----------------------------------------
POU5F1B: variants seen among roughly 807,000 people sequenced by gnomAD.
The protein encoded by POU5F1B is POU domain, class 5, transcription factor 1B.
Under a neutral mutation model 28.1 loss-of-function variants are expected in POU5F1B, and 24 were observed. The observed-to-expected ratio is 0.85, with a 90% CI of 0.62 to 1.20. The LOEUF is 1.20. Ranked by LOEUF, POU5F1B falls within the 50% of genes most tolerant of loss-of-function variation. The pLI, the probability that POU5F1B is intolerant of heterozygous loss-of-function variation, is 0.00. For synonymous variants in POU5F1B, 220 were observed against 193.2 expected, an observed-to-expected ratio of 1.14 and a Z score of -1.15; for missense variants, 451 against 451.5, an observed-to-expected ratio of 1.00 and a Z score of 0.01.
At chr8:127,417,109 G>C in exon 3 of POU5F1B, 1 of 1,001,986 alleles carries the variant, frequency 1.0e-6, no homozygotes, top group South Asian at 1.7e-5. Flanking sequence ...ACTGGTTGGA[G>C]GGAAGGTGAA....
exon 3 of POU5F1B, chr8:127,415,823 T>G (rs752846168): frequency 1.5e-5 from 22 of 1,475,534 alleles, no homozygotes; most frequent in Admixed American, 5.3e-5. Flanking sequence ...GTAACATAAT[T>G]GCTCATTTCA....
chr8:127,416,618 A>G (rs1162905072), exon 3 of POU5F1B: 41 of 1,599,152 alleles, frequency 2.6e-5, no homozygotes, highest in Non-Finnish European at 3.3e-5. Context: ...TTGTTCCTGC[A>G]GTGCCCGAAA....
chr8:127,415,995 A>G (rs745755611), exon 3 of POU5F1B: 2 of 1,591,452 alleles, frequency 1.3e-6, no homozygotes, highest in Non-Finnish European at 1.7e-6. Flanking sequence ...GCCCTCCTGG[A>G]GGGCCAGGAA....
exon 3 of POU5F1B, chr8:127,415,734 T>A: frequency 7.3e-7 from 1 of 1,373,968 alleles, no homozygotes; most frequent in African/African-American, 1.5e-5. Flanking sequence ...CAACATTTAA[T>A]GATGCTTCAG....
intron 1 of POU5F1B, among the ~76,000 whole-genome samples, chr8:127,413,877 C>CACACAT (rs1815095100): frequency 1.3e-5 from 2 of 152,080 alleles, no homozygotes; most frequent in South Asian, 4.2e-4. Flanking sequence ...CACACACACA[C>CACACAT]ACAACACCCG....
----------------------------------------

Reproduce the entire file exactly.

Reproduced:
POU5F1B: variants seen among roughly 807,000 people sequenced by gnomAD.
The protein encoded by POU5F1B is POU domain, class 5, transcription factor 1B.
Under a neutral mutation model 28.1 loss-of-function variants are expected in POU5F1B, and 24 were observed. The observed-to-expected ratio is 0.85, with a 90% CI of 0.62 to 1.20. The LOEUF is 1.20. Ranked by LOEUF, POU5F1B falls within the 50% of genes most tolerant of loss-of-function variation. The pLI, the probability that POU5F1B is intolerant of heterozygous loss-of-function variation, is 0.00. For synonymous variants in POU5F1B, 220 were observed against 193.2 expected, an observed-to-expected ratio of 1.14 and a Z score of -1.15; for missense variants, 451 against 451.5, an observed-to-expected ratio of 1.00 and a Z score of 0.01.
At chr8:127,417,109 G>C in exon 3 of POU5F1B, 1 of 1,001,986 alleles carries the variant, frequency 1.0e-6, no homozygotes, top group South Asian at 1.7e-5. Flanking sequence ...ACTGGTTGGA[G>C]GGAAGGTGAA....
exon 3 of POU5F1B, chr8:127,415,823 T>G (rs752846168): frequency 1.5e-5 from 22 of 1,475,534 alleles, no homozygotes; most frequent in Admixed American, 5.3e-5. Flanking sequence ...GTAACATAAT[T>G]GCTCATTTCA....
chr8:127,416,618 A>G (rs1162905072), exon 3 of POU5F1B: 41 of 1,599,152 alleles, frequency 2.6e-5, no homozygotes, highest in Non-Finnish European at 3.3e-5. Context: ...TTGTTCCTGC[A>G]GTGCCCGAAA....
chr8:127,415,995 A>G (rs745755611), exon 3 of POU5F1B: 2 of 1,591,452 alleles, frequency 1.3e-6, no homozygotes, highest in Non-Finnish European at 1.7e-6. Flanking sequence ...GCCCTCCTGG[A>G]GGGCCAGGAA....
exon 3 of POU5F1B, chr8:127,415,734 T>A: frequency 7.3e-7 from 1 of 1,373,968 alleles, no homozygotes; most frequent in African/African-American, 1.5e-5. Flanking sequence ...CAACATTTAA[T>A]GATGCTTCAG....
intron 1 of POU5F1B, among the ~76,000 whole-genome samples, chr8:127,413,877 C>CACACAT (rs1815095100): frequency 1.3e-5 from 2 of 152,080 alleles, no homozygotes; most frequent in South Asian, 4.2e-4. Flanking sequence ...CACACACACA[C>CACACAT]ACAACACCCG....